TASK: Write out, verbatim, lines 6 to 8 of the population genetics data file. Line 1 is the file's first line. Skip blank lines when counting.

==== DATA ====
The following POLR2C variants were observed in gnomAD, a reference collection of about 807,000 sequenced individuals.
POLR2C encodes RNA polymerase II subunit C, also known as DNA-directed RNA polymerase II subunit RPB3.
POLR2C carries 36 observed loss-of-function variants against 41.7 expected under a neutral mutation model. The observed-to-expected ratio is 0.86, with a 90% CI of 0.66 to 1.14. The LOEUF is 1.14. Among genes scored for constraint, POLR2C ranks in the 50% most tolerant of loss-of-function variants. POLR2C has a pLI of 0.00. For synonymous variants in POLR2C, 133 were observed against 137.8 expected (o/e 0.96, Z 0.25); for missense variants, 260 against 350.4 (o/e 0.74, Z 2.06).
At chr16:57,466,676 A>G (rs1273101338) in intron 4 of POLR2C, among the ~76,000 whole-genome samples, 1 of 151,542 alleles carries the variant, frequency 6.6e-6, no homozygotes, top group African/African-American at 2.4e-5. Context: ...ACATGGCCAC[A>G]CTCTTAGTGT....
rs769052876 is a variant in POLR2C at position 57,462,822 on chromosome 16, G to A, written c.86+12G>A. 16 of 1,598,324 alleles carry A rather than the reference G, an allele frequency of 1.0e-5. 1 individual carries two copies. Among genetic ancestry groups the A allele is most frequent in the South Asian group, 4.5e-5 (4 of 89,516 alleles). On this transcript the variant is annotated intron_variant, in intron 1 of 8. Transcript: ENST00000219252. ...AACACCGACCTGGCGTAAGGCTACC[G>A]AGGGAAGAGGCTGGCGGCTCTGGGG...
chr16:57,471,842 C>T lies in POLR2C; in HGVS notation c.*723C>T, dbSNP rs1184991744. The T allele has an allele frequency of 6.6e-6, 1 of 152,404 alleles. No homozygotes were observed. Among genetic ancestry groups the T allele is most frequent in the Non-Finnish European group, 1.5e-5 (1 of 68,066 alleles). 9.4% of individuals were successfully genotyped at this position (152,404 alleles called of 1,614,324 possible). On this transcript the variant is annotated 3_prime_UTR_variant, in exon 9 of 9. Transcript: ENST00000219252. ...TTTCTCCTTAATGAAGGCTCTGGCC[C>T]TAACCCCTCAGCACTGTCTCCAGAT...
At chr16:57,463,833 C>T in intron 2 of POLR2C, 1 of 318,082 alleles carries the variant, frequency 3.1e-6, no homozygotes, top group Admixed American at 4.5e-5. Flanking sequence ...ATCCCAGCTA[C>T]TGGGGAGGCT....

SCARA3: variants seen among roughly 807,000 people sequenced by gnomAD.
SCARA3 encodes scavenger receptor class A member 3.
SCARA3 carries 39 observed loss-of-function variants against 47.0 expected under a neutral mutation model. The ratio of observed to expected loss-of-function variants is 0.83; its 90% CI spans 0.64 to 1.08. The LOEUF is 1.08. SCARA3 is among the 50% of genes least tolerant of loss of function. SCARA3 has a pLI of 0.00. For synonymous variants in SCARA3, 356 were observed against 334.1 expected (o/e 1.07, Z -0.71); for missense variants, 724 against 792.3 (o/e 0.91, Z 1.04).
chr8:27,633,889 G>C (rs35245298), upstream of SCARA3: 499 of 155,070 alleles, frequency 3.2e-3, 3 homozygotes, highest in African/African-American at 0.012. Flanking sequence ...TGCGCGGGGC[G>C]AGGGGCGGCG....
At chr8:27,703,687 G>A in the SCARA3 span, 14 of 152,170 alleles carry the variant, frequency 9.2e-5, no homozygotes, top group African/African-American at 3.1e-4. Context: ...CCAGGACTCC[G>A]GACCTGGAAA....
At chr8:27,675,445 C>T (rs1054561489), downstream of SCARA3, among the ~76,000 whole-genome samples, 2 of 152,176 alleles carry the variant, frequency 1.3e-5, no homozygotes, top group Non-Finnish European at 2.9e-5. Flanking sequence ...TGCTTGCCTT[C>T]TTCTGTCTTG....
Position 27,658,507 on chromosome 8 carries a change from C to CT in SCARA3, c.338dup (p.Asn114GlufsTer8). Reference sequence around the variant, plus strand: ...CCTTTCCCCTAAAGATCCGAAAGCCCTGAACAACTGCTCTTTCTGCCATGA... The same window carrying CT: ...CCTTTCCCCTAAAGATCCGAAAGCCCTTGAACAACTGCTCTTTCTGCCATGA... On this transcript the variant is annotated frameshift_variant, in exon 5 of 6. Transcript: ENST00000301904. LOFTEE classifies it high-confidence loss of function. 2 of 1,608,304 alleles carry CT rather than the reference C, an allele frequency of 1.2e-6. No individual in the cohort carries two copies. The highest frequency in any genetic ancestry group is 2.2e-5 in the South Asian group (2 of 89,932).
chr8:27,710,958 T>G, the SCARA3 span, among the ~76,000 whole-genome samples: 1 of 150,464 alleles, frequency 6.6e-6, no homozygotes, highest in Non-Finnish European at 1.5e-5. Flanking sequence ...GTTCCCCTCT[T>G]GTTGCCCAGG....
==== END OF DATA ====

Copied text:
chr16:57,471,842 C>T lies in POLR2C; in HGVS notation c.*723C>T, dbSNP rs1184991744. The T allele has an allele frequency of 6.6e-6, 1 of 152,404 alleles. No homozygotes were observed. Among genetic ancestry groups the T allele is most frequent in the Non-Finnish European group, 1.5e-5 (1 of 68,066 alleles). 9.4% of individuals were successfully genotyped at this position (152,404 alleles called of 1,614,324 possible). On this transcript the variant is annotated 3_prime_UTR_variant, in exon 9 of 9. Transcript: ENST00000219252. ...TTTCTCCTTAATGAAGGCTCTGGCC[C>T]TAACCCCTCAGCACTGTCTCCAGAT...
At chr16:57,463,833 C>T in intron 2 of POLR2C, 1 of 318,082 alleles carries the variant, frequency 3.1e-6, no homozygotes, top group Admixed American at 4.5e-5. Flanking sequence ...ATCCCAGCTA[C>T]TGGGGAGGCT....

SCARA3: variants seen among roughly 807,000 people sequenced by gnomAD.